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The Daily Wildcat

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The Daily Wildcat

The Daily Wildcat


Education dictated by politics threatens student input

Politics and education should never mix, especially in Arizona. Politics in Arizona continue to attempt to defeat any availability of student representation at the state level. What did the UA even lobby for at the state level last week? If it was for our education, it looks like the fight isn’t over. Complacency needs to end here or else we’ll have to sit tight for new university governance controlled by politicians.  

The most recent development in the political advancement to wash out student voice is in a bill proposal by Republican Sen. Andy Biggs, sponsor of the bill to cut state spending on Medicaid assistance and now the sponsor of Senate Bill 1115. This bill states that the members of the Arizona Appropriations Committee will abolish the Arizona Board of Regents, which oversees all universities in Arizona. The purpose is to “”provide new funding mechanisms for the higher education system,”” according to the official document.

Currently, Arizona universities have two student regents that sit in on ABOR decisions and have voting opportunities after serving for one year. Nowhere in the official document of S.B. 1115 does it say student representation will cross over to this new proposed Board of Trustees.

Instead, the state governor would become the appointee of all board members. That means Gov. Jan Brewer, the same person that has cut $170 million from higher education and has left 280,000 people in Arizona without health insurance, would be in charge of the board member selection process. She cut coverage for 98 organ transplant patients enrolled in Medicaid last year, making her decisions the indirect causes of deaths. Because of these cuts, she will save the state $1.15 billion next year. These are just two of her strongest moments of sticking up for the values of human lives and students in Arizona.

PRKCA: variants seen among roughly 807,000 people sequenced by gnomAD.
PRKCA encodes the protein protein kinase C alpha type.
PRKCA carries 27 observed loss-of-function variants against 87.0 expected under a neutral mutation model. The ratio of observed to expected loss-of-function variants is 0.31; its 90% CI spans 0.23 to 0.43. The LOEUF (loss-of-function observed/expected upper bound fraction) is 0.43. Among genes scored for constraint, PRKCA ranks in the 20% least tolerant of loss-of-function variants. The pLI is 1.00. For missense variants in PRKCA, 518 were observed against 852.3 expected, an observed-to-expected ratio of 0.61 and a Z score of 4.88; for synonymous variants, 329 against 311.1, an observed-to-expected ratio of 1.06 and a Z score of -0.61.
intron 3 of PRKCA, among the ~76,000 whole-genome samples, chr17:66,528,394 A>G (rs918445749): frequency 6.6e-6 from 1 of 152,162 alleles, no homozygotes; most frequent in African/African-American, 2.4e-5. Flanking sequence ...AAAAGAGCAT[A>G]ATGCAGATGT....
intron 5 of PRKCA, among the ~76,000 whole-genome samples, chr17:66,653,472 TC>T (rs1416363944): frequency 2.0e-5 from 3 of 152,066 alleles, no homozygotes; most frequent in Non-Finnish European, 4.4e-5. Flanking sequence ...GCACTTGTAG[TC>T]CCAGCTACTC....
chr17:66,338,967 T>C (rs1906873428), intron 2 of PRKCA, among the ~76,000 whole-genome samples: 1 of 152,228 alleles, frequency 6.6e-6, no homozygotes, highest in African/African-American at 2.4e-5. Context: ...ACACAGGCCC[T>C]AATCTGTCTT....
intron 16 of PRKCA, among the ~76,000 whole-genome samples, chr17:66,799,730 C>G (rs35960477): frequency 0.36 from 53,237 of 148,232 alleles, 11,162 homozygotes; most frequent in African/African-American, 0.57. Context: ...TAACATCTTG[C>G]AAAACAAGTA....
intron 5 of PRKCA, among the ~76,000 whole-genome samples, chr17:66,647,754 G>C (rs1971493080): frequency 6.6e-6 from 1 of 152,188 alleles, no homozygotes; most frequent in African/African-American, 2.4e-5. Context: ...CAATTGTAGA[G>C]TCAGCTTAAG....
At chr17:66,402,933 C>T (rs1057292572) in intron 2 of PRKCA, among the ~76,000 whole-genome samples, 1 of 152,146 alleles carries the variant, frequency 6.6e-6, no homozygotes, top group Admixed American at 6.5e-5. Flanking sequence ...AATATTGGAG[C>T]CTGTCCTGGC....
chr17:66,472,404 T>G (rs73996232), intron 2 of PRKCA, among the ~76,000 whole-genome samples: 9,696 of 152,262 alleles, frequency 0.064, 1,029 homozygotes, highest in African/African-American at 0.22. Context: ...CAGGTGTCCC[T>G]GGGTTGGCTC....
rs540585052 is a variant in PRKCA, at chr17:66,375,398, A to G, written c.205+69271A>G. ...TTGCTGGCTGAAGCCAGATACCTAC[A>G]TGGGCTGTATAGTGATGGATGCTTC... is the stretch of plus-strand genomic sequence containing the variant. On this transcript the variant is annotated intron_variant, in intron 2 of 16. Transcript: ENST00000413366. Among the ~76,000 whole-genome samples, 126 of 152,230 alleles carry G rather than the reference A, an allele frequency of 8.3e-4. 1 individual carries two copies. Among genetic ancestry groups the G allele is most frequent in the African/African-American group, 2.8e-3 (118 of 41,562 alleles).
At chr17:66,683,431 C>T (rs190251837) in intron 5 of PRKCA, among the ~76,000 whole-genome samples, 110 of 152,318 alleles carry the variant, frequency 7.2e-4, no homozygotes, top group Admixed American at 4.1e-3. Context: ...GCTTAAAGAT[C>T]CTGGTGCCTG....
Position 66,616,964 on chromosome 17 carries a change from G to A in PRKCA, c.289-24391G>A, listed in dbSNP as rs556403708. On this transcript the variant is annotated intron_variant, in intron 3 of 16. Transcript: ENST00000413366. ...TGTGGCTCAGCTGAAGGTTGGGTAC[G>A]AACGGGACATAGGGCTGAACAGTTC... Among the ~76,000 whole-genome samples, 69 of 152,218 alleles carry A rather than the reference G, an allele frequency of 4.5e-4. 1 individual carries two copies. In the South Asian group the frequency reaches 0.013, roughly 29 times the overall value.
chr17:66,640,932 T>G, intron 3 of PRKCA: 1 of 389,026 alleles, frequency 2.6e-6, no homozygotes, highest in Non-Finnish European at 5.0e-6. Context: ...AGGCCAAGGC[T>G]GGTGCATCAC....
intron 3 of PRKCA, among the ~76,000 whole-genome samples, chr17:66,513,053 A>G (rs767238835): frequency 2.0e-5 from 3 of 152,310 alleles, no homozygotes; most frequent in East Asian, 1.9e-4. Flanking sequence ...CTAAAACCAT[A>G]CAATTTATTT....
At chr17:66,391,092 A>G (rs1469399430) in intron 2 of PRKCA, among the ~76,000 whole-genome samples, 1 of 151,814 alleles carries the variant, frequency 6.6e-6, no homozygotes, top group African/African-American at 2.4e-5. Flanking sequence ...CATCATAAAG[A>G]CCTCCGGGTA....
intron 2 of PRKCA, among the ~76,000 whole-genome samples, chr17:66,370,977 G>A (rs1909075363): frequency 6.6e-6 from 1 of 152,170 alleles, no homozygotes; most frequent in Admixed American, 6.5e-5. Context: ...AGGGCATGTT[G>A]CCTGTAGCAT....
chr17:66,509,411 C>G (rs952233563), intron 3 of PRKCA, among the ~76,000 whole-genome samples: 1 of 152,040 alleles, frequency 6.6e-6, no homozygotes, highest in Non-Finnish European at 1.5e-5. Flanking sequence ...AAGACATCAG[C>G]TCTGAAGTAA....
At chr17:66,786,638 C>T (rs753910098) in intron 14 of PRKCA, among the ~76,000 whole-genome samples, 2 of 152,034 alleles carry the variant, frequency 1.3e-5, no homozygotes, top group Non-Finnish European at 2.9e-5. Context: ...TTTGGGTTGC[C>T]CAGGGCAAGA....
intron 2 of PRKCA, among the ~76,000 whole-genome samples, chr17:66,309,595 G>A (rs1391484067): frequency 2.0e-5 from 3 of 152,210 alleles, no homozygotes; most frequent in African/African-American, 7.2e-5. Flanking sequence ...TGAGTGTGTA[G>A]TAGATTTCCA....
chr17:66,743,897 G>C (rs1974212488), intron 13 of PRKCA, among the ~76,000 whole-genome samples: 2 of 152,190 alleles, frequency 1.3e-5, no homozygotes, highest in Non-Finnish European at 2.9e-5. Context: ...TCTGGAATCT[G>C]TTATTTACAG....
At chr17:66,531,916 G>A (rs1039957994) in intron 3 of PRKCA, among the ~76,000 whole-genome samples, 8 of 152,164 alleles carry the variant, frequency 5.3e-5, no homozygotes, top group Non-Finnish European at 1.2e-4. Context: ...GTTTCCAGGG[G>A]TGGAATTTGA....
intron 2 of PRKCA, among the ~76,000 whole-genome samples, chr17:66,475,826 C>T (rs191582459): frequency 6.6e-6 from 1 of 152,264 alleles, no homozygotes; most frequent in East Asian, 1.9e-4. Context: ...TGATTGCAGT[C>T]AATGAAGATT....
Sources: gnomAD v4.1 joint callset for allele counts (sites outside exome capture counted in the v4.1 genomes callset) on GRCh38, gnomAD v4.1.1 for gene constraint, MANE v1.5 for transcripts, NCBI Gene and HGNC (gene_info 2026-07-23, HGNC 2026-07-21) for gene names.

To steer away from Brewer not having any heart, it seems as though we have another fan of this Board of Trustees idea. House Appropriations Chairman John Kavanagh noted in an interview with the Arizona Republic that, “”Students perhaps could contribute something to their education costs, and the state budget cuts aren’t as harmful to students as the universities suggest.””  

According to ABOR’s Academic Affairs Financial Aid Report for 2011, the average amount of undergraduate student debt upon graduation went up from $19,110 to $19,946 in the past year. The average amount of graduate student debt also increased from $36,190 to $42,097. But according to Kavanagh, students wouldn’t mind adding a couple grand to those lifetime-long debts. Behind our backs, state politicians are excluding our voices, making decisions without student recognition and we never pick apart the urgency of understanding their logic. There’s too much nonsensical rhetoric. It’s meant to be that way or else Arizona Students’ Association leaders wouldn’t be taking nice portrait pictures and having catered lunches with the governor, but giving it to her straight and simple: Quit neglecting your duty to listen to us.

We should be beyond these aesthetic relationships with leaders who never prove their loyalty to our education. Arizona politicians think they can manage to slip these bills right under our noses because we never show them our distrust. We institutionalize our sincere frustrations with insincere gestures of professionalism by compromising. This time, students can’t afford compromise. When are students going to be done playing nice with politicians? That tactic has never worked, that’s why we never get what we want as a collective student voice. We’re in a state that places their radically conservative values before the accessibility and affordability of education each year. The infantilism of Arizona’s political experience is outrageous, ignorant and exploitive to its students. It’s about time we demand something real: representation.

— Elisa Meza is a junior studying English. She can be reached at

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